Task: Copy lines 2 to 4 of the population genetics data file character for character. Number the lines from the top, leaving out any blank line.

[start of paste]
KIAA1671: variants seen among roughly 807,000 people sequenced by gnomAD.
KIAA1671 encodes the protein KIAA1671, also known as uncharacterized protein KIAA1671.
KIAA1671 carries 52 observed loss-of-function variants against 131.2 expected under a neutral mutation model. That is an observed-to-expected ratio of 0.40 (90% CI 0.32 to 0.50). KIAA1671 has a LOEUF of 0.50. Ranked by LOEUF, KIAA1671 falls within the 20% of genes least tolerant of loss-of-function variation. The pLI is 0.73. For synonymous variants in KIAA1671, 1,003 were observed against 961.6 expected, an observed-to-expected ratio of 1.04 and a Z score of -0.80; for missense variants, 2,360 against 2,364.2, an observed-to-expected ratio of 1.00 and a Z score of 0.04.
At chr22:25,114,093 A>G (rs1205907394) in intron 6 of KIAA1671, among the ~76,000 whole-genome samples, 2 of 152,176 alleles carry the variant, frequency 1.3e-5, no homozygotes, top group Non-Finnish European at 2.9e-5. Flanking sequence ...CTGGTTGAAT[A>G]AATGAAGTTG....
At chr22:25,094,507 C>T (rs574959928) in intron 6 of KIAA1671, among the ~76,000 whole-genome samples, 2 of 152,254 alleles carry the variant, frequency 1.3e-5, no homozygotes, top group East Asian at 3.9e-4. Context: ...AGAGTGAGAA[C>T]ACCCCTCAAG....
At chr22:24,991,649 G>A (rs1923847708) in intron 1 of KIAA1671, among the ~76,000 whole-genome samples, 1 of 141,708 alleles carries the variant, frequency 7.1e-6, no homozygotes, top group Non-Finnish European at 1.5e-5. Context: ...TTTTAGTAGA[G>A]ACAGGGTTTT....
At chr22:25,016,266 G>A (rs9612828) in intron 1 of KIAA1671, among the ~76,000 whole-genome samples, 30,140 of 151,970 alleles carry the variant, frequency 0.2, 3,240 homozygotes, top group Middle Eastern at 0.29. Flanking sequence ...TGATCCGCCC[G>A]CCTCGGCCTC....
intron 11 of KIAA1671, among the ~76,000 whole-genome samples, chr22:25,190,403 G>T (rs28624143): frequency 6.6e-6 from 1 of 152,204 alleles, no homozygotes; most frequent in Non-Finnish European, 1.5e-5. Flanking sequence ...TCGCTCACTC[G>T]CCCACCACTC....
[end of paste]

KIAA1671 encodes the protein KIAA1671, also known as uncharacterized protein KIAA1671.
KIAA1671 carries 52 observed loss-of-function variants against 131.2 expected under a neutral mutation model. That is an observed-to-expected ratio of 0.40 (90% CI 0.32 to 0.50). KIAA1671 has a LOEUF of 0.50. Ranked by LOEUF, KIAA1671 falls within the 20% of genes least tolerant of loss-of-function variation. The pLI is 0.73. For synonymous variants in KIAA1671, 1,003 were observed against 961.6 expected, an observed-to-expected ratio of 1.04 and a Z score of -0.80; for missense variants, 2,360 against 2,364.2, an observed-to-expected ratio of 1.00 and a Z score of 0.04.
At chr22:25,114,093 A>G (rs1205907394) in intron 6 of KIAA1671, among the ~76,000 whole-genome samples, 2 of 152,176 alleles carry the variant, frequency 1.3e-5, no homozygotes, top group Non-Finnish European at 2.9e-5. Flanking sequence ...CTGGTTGAAT[A>G]AATGAAGTTG....